late 14c., "worldly, secular;" also "terrestrial, earthly; temporary, lasting only for a time," from Old French temporal "earthly," and directly from Latin temporalis "of time, denoting time; but for a time, temporary," from tempus (genitive temporis) "time, season, moment, proper time or season," from Proto-Italic *tempos- "stretch, measure," which according to de Vaan is from PIE *temp-os "stretched," from root *ten- "to stretch," the notion being "stretch of time." Related: Temporally.
1570s, from French epilepsie (16c.), from Late Latin epilepsia, from Greek epilepsis "epilepsy," literally "a seizure," from epilambanein "to lay hold of, seize upon, attack," especially of diseases, but also of events, armies, etc., from epi "upon" (see epi-) + lepsis "seizure," from leps-, future stem of lambanein "take hold of, grasp" (see lemma).
Earlier was epilencie (late 14c.), from French epilence, a variant form influenced by pestilence. The native name in English was falling sickness (Old English fylleseoc, glossing epilepsia).
early 15c., "a lobe of the liver or lungs," from Medieval Latin lobus "a lobe," from Late Latin lobus "hull, husk, pod," from Greek lobos "lobe, lap, slip; vegetable pod," used of lap- or slip-like parts of the body or plants, especially "earlobe," but also of lobes of the liver or lungs, a word of unknown origin. It is perhaps related to Greek leberis "husk of fruits," from PIE *logwos. Beekes writes that the proposed connection with the PIE source of English lap (n.1)) "is semantically attractive." Extended 1670s to divisions of the brain; 1889 to ice sheets. The common notion is "rounded protruding part."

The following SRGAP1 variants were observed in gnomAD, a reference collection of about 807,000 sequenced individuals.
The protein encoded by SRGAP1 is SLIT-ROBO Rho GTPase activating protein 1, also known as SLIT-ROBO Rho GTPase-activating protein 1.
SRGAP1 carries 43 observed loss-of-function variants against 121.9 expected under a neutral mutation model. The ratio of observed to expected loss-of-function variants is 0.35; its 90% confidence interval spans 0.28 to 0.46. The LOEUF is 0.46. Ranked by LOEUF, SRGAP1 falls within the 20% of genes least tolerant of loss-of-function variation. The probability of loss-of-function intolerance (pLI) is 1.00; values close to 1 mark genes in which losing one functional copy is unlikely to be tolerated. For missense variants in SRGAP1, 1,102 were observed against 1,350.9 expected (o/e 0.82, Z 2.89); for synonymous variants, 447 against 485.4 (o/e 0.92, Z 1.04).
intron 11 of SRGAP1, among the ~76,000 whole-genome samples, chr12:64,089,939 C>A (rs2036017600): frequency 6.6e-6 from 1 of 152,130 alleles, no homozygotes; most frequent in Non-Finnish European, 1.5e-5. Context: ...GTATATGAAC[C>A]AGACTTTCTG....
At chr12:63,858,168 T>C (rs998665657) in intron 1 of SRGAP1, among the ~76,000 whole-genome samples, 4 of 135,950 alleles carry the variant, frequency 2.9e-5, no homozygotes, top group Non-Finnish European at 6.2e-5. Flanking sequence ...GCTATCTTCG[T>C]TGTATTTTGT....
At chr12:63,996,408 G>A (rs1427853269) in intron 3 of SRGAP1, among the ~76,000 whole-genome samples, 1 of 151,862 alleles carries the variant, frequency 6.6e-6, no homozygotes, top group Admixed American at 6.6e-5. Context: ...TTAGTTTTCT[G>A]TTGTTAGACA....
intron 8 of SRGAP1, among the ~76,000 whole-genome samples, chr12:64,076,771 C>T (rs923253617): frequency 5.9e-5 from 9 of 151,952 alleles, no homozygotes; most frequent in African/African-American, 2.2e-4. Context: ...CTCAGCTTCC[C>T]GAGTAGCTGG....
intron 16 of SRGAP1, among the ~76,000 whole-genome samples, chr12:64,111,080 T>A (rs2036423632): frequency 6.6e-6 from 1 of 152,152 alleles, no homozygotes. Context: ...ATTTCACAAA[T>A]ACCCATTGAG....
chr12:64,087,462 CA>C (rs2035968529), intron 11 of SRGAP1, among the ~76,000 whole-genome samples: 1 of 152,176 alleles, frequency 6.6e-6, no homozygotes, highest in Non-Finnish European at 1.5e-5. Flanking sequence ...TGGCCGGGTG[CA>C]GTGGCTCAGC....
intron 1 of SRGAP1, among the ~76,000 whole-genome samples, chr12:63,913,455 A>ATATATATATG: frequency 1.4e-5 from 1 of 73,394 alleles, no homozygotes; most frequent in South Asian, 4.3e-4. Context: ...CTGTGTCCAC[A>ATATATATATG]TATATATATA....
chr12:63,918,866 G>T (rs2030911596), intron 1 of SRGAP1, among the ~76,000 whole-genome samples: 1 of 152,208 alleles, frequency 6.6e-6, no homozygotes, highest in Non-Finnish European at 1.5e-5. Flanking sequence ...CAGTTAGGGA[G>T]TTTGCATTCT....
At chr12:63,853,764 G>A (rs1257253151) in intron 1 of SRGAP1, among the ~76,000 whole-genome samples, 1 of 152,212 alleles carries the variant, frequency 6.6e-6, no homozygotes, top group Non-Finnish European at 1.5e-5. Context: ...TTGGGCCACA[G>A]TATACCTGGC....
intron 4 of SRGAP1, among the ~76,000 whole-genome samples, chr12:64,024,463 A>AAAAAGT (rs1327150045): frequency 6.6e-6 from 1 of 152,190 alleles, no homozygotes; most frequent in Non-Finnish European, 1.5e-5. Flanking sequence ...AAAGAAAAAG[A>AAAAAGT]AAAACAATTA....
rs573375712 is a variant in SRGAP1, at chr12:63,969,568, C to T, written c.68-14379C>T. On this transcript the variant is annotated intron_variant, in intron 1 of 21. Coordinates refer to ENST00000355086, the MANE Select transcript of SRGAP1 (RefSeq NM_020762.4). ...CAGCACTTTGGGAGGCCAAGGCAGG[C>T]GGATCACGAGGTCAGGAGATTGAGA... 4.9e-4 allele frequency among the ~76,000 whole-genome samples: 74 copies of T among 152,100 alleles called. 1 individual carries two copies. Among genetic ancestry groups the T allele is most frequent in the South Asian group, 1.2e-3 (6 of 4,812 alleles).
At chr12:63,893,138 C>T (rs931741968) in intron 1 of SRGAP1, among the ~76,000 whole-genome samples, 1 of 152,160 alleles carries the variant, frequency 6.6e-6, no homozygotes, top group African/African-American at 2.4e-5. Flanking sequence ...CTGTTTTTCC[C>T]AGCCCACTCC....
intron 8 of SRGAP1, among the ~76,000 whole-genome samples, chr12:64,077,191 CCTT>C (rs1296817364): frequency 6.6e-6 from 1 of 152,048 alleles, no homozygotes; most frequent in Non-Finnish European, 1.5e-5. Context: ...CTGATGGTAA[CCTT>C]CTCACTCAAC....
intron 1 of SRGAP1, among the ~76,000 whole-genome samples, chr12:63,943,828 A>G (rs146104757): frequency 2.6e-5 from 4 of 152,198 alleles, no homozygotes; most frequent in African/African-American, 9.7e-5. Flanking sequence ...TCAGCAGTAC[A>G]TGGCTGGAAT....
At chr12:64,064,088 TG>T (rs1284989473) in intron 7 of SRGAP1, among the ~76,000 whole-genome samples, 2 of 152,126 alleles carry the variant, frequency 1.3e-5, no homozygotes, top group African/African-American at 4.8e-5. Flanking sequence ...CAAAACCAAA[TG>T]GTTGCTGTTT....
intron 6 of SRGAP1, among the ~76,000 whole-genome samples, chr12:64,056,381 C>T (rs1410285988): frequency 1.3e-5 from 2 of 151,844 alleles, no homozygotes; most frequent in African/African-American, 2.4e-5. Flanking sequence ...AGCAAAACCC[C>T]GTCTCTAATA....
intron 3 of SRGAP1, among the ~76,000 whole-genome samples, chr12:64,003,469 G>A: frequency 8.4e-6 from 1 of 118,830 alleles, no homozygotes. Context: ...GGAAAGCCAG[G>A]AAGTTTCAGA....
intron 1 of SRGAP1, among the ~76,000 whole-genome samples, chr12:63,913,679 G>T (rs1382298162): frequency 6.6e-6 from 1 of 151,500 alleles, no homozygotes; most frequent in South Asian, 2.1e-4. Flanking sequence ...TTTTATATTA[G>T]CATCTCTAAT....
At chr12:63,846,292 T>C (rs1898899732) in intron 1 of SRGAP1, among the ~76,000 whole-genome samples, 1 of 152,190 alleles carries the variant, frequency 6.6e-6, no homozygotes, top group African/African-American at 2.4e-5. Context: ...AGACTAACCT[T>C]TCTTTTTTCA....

"having lobes," 1760, from Modern Latin lobatus "lobed," from lobus "a lobe" (see lobe). Related: Lobation.
"of or pertaining to a lobe or lobes," 1839, from modern Latin lobaris, from Latin lobus (see lobe (n.)).
late 14c., "temporal power," from Late Latin temporalitas, from temporalis "of a time, but for a time" (see temporal).
present-participle adjective from fall (v.). Falling star is from 1560s; falling off "decrease, declining" is from c. 1600. Falling evil "epilepsy" is from early 13c.